Sermon - 12/24/17
2018.01.02 22:44:40

ADVENT 4/B (2017), 2 Samuel 7:1-11, 16; Romans 16:25-27; Luke 1:26-38.


Mystery,     [T]he preaching of Jesus Christ, according to the revelation of the mystery that was kept secret for long ages but has now been disclosed… to bring about the obedience of faith… (vv. 25, 26). 


Over the weeks of Advent we have been preparing to celebrate the culminating revelation of a mystery, the Incarnation and Nativity of God become man; to welcome Christ into his world in Spirit and Truth.


Throughout Advent, the church’s welcoming song from the house of the Lord has been “Blessed is he who comes in the name of the Lord”.  Today, on the eve of his revelation as Christ child our song unfolds with antiphonal stanzas:


“O come, Emmanuel; O come, Thou Wisdom from on high; O come, Thou Lord of might; O come, Thou Branch of Jesse’s tree; O come, Thou Key of David; O come, Thou Dayspring from on high; O come, Desire of nations.” 


The “mystery kept secret for long ages” never ceases to surprise and give pause, a Child who is the Lord of might bearing all the poverty and fragility of Mary’s flesh, but without sin.  It is not how we would have planned salvation for fallen man nor fashion a Champion to stand against satanic hordes. 


So it is never a good idea or safe to get out in front of God’s word. To do so, puts us in danger of conflict with God’s will.  This was the situation with David and Nathan.  David was God’s vehicle for bringing into place God’s promises for Israel. 


By God’s grace David defeated all Israel’s enemies in the Land, conquering Jerusalem, the final stronghold of the Jebusites, making it the “City of David”. David built there for himself a palace of cedar and rested in peace after long years of warfare.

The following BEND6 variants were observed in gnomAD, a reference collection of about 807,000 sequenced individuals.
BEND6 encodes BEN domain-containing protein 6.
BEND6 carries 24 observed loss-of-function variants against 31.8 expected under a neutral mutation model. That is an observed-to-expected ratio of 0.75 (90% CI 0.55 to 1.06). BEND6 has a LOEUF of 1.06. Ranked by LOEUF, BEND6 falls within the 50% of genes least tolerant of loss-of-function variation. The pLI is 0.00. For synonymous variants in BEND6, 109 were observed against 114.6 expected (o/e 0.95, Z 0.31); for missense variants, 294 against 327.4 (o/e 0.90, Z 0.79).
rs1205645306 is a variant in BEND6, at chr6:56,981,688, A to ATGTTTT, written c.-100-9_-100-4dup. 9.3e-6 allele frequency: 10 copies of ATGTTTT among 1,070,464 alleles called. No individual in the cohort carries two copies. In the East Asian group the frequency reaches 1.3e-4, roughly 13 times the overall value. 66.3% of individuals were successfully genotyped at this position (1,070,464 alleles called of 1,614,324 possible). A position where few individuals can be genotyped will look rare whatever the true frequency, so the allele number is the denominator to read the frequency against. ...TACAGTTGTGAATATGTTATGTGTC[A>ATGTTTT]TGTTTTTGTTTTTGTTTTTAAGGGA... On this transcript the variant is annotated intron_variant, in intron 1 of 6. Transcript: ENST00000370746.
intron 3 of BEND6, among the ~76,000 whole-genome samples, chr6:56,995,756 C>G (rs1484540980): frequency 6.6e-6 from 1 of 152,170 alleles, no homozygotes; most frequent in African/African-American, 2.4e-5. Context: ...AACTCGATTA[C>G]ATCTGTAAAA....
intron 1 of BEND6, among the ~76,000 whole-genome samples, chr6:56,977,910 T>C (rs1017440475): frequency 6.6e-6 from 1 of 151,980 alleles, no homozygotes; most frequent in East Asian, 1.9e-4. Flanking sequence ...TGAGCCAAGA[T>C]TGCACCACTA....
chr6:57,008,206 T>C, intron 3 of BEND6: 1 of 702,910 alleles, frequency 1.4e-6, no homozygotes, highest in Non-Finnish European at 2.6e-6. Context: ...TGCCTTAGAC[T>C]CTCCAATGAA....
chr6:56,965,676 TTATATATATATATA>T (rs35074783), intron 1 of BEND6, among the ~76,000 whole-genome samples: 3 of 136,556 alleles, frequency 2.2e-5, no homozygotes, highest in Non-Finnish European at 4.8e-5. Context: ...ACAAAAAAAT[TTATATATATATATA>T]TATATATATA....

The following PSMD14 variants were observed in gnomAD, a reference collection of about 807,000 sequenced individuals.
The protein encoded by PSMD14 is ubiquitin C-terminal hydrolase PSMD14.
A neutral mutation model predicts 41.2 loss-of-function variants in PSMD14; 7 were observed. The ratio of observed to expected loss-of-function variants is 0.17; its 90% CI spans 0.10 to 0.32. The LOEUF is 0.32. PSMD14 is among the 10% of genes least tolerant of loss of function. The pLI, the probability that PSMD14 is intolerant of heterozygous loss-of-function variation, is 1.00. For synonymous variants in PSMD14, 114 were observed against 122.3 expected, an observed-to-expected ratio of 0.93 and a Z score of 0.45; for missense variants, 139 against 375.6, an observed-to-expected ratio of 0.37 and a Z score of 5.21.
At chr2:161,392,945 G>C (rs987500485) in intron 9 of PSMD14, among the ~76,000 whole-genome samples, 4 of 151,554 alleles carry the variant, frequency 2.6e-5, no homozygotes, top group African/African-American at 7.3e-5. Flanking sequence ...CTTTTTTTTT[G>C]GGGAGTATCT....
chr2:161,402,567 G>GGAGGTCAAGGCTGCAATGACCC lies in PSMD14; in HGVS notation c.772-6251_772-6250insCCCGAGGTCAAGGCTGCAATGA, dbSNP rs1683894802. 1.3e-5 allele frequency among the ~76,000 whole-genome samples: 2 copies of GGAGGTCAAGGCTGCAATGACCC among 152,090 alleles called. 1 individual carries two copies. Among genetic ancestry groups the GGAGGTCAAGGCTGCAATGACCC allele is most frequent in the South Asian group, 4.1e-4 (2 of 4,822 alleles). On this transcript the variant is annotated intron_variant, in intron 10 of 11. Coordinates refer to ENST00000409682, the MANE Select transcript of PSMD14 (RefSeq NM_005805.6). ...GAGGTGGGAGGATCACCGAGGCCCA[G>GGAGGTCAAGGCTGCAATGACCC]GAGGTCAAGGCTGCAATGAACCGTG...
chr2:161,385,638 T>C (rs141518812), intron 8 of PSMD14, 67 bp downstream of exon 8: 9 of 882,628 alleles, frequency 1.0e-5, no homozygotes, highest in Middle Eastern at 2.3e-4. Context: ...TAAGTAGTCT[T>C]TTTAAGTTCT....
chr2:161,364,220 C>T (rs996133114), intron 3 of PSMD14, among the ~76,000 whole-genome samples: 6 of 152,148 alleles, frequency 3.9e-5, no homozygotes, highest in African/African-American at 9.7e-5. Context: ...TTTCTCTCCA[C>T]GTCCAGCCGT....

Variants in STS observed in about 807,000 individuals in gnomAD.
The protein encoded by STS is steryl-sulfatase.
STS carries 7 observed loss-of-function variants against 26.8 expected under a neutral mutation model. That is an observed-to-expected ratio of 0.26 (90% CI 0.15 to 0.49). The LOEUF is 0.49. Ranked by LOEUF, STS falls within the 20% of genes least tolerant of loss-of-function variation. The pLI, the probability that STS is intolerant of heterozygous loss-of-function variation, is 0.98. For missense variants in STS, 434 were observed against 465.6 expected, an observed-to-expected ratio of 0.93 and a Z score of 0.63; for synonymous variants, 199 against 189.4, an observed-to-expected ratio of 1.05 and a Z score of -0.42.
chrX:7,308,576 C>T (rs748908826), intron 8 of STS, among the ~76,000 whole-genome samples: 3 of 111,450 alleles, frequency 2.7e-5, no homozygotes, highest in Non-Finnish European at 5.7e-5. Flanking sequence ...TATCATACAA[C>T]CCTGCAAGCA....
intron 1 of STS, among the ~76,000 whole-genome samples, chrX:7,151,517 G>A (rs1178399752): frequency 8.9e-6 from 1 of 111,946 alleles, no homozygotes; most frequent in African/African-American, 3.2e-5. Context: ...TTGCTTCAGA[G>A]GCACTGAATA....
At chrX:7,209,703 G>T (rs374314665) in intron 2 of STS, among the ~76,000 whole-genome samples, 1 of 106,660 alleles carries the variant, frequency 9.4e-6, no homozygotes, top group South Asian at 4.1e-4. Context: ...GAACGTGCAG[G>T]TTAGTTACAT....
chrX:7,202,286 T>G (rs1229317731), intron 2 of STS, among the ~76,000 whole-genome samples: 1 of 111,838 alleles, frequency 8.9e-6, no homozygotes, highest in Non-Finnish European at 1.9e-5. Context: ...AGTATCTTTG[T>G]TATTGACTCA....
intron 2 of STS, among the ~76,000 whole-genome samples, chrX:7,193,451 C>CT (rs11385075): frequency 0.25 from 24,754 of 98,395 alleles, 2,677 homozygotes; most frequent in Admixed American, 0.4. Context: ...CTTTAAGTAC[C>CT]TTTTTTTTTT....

David, the servant of the Lord living in palatal splendor, observed the incongruity that the God of heaven and earth was seated above his Ark housed in a make shift tent, not even the wilderness tabernacle fabricated by Moses (2 Sam. 6:17).


David, with too much time on his hands, was feeling guilty about the disparate circumstance searched his heart. He decided he would construct a “proper” abode for God to rival and exceed all the temples of the surrounding foreign gods to proclaim the God of Israel, the one true God who had given his people rest and peace in the Land. 


David’s idea seemed well conceived, even laudable; yet he did not go off ½ cocked on the project. First David consulted the purveyor of God’s word, Nathan the prophet.  Nathan heard David out, considered his reasoning, and concurred with David’s impulse, advising, “Go, and do all that is in your heart, for the LORD is with you” (7:3). 


It is never a good idea or safe to get out in front of God’s word. David was leading from his heart without prayer; and Nathan without consulting God in Scripture or prayer considered only the apparent pious impulse of David’s plan. 


What is the problem here? It is the same problem that has plagued the church from Adam and Eve until now, the original sin of enthusiasm, or what Luther called fanaticism.  Satan taped into Eve’s heart exploiting it with a false word about the forbidden fruit, “So when the woman saw that the tree was good for food, and that it was a delight to the eyes, and that the tree was to be desired to make one wise, she took of its fruit and ate, and gave some to her husband…” (Gen. 3:6).  


Man’s heart is the least reliable informant of God’s will. He speaks, and our ears listen; and so the church holds to sola Scriptura oriented in petitionary prayer.  Enthusiasm on the other hand is man’s self-revelation divorced from God’s word and promises.  It is sin that assumes because it feels good, right, and pious according to our own lights that it discerns God’s will apart from heaven’s Light in Christ and him crucified.